Finally, Alastair spoke about how both reports give real evidence that the SSE methodology works and creates lasting change, and how we are now looking to proactively replicate the franchise across the UK. It was great to have the support of Carmel and Ken from SSE Ireland, Fergus from East Midlands SSE, and Jo and Lisa from Liverpool SSE at the event, because this was very much about promoting the network. Also delighted to see several current SSE students and Fellows there, giving them great networking opportunities as well as hearing more about why we do what we do…

The room was then literally divided in two (by the wonders of NESTA’s space-age offices) for the workshops about each publication. I can’t speak for the Leadership in the Social Economy workshop (though I heard good feedback afterwards), but the Evaluation one seemed well-received, and myself and Richard (from nef) were really pleased by the thoughtful and incisive questioning, which allowed us to flesh out the bare bones of the report itself. Questions about response rates, overall aim/purpose, methodology (and its implications for the 3rd sector), time commitment, background / make-up of Fellows and student cohorts all helped further issues come to light, and I had some good strong discussions which carried on afterwards in the networking….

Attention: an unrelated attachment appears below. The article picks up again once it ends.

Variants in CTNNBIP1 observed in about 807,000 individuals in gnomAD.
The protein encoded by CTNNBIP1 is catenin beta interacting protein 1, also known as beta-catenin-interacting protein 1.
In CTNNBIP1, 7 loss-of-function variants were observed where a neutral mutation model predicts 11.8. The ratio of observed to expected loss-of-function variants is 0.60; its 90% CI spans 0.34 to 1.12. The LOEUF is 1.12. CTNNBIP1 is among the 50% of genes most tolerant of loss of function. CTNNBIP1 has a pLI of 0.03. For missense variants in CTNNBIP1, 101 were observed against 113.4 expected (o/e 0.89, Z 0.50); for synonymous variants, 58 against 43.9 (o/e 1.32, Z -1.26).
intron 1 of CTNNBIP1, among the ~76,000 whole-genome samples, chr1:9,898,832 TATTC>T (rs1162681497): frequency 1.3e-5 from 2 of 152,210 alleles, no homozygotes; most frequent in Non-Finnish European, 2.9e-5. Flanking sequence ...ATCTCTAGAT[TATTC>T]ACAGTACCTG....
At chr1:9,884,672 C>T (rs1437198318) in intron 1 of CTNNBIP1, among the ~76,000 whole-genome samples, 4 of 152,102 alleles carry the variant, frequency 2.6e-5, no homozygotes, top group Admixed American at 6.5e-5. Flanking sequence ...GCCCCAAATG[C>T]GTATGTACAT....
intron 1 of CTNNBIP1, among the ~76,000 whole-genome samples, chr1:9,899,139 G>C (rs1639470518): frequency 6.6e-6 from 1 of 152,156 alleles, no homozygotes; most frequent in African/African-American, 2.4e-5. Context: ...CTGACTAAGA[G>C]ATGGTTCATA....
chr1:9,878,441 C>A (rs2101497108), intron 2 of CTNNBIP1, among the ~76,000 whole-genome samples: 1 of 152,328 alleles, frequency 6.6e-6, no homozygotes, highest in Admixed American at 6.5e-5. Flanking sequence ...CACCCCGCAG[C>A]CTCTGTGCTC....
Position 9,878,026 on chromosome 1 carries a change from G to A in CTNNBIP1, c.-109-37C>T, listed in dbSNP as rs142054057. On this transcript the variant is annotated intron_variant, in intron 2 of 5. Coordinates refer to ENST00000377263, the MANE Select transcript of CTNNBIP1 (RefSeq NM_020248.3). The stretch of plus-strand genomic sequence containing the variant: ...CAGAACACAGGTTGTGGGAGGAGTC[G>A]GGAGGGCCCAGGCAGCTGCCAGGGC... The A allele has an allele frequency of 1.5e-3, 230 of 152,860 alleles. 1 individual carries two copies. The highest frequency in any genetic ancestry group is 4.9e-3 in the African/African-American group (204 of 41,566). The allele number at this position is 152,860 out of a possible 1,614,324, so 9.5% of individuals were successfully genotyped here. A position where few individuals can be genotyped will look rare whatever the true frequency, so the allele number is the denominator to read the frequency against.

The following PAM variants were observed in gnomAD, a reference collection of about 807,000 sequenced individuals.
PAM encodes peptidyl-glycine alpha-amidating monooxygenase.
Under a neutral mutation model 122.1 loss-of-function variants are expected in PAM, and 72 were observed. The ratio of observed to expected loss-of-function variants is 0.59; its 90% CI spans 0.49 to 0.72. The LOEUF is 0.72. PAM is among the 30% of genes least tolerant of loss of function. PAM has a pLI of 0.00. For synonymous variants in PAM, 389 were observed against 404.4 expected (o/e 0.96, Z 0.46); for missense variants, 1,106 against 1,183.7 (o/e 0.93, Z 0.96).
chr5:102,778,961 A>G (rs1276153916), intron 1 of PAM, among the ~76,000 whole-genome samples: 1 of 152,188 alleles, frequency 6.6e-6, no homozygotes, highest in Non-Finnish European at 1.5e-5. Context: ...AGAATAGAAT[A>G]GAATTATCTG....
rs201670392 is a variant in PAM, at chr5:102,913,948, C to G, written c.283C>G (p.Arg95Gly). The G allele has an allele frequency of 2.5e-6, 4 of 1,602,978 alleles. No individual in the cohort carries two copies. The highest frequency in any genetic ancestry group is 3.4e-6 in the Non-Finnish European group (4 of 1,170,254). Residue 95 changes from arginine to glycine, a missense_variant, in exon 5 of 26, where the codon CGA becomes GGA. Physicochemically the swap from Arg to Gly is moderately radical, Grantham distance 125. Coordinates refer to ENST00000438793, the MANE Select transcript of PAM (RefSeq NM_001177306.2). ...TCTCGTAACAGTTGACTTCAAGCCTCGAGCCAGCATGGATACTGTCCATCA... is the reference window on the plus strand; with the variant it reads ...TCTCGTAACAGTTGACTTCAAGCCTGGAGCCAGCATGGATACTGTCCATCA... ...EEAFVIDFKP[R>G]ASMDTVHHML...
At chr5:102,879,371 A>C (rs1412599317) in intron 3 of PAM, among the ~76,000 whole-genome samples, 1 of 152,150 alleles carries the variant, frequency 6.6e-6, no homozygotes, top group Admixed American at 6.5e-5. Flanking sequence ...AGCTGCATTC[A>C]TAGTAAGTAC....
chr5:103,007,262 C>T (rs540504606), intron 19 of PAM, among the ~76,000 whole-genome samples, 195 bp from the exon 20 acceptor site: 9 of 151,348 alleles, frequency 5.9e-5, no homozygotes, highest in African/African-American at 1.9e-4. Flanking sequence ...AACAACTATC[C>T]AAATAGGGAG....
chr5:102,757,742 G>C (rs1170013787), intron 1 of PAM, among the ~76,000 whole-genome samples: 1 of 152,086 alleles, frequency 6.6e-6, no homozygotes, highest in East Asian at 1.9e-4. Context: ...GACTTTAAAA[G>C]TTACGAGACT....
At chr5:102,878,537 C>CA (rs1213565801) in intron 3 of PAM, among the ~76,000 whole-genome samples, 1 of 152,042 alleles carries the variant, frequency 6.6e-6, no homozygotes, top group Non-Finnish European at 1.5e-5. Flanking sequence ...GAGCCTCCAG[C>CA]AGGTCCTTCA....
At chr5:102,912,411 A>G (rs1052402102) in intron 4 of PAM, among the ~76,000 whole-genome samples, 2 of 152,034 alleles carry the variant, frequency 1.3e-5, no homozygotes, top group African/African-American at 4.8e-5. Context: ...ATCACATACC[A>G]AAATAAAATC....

For those who were there, and/or who have read the reports, we’d be delighted to receive any comments below, or directly by e-mail. Thanks.

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The obligatory Facebook post

OK, so I resisted only so long. Since I last mentioned innocently in passing that "Facebook appears to have hit a tipping point recently amongst my circle of friends" (Social networking for good), it has gone absolutely stratospheric…to the point of dominating pub conversations and news aggregators alike. So….relevant to SSE and social entrepreneurs? I honestly have no idea, currently. Ok, so the ‘Causes’ application seems promising, it’s more usable (to me) than MySpace, and the SSE group is in place and (slowly) starting to grow…but surely too early to say? Not for plenty of other people:

Facebook: social enterprise machine? seems an appropriate place to start. Tom Watson reckons that, like other online philanthropy matching sites, Facebook "holds the promise of connecting social entrepreneurship with mass